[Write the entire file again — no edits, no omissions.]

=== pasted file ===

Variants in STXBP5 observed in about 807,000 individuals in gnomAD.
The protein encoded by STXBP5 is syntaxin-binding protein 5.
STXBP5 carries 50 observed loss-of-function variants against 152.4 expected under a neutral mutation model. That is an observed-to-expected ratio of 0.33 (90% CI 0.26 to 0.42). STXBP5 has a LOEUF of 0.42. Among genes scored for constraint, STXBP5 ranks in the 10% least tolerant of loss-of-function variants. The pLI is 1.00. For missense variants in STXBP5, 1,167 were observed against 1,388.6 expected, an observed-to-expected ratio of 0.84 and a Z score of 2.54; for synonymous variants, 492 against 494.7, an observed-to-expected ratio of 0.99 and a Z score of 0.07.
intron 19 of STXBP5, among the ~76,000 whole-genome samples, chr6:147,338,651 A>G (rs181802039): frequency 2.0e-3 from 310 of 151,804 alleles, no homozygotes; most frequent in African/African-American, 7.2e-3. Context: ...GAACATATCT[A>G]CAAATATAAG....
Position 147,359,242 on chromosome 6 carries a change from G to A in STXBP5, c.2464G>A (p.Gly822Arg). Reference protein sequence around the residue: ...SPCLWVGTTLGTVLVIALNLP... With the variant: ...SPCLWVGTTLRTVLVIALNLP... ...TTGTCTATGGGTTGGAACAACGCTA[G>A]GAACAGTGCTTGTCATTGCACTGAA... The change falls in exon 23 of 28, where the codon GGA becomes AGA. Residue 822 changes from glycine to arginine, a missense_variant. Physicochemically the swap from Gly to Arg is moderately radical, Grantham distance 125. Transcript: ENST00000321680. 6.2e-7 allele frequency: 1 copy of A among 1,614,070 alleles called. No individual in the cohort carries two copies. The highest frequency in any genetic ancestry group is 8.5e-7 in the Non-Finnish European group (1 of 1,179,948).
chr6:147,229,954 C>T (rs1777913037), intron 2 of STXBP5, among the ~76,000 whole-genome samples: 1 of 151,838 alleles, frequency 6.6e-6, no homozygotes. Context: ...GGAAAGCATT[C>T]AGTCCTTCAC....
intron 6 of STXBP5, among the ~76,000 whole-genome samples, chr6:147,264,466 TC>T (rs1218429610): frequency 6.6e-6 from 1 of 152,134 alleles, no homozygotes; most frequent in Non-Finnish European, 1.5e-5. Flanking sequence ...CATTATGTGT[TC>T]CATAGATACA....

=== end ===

Variants in STXBP5 observed in about 807,000 individuals in gnomAD.
The protein encoded by STXBP5 is syntaxin-binding protein 5.
STXBP5 carries 50 observed loss-of-function variants against 152.4 expected under a neutral mutation model. That is an observed-to-expected ratio of 0.33 (90% CI 0.26 to 0.42). STXBP5 has a LOEUF of 0.42. Among genes scored for constraint, STXBP5 ranks in the 10% least tolerant of loss-of-function variants. The pLI is 1.00. For missense variants in STXBP5, 1,167 were observed against 1,388.6 expected, an observed-to-expected ratio of 0.84 and a Z score of 2.54; for synonymous variants, 492 against 494.7, an observed-to-expected ratio of 0.99 and a Z score of 0.07.
intron 19 of STXBP5, among the ~76,000 whole-genome samples, chr6:147,338,651 A>G (rs181802039): frequency 2.0e-3 from 310 of 151,804 alleles, no homozygotes; most frequent in African/African-American, 7.2e-3. Context: ...GAACATATCT[A>G]CAAATATAAG....
Position 147,359,242 on chromosome 6 carries a change from G to A in STXBP5, c.2464G>A (p.Gly822Arg). Reference protein sequence around the residue: ...SPCLWVGTTLGTVLVIALNLP... With the variant: ...SPCLWVGTTLRTVLVIALNLP... ...TTGTCTATGGGTTGGAACAACGCTA[G>A]GAACAGTGCTTGTCATTGCACTGAA... The change falls in exon 23 of 28, where the codon GGA becomes AGA. Residue 822 changes from glycine to arginine, a missense_variant. Physicochemically the swap from Gly to Arg is moderately radical, Grantham distance 125. Transcript: ENST00000321680. 6.2e-7 allele frequency: 1 copy of A among 1,614,070 alleles called. No individual in the cohort carries two copies. The highest frequency in any genetic ancestry group is 8.5e-7 in the Non-Finnish European group (1 of 1,179,948).
chr6:147,229,954 C>T (rs1777913037), intron 2 of STXBP5, among the ~76,000 whole-genome samples: 1 of 151,838 alleles, frequency 6.6e-6, no homozygotes. Context: ...GGAAAGCATT[C>T]AGTCCTTCAC....
intron 6 of STXBP5, among the ~76,000 whole-genome samples, chr6:147,264,466 TC>T (rs1218429610): frequency 6.6e-6 from 1 of 152,134 alleles, no homozygotes; most frequent in Non-Finnish European, 1.5e-5. Flanking sequence ...CATTATGTGT[TC>T]CATAGATACA....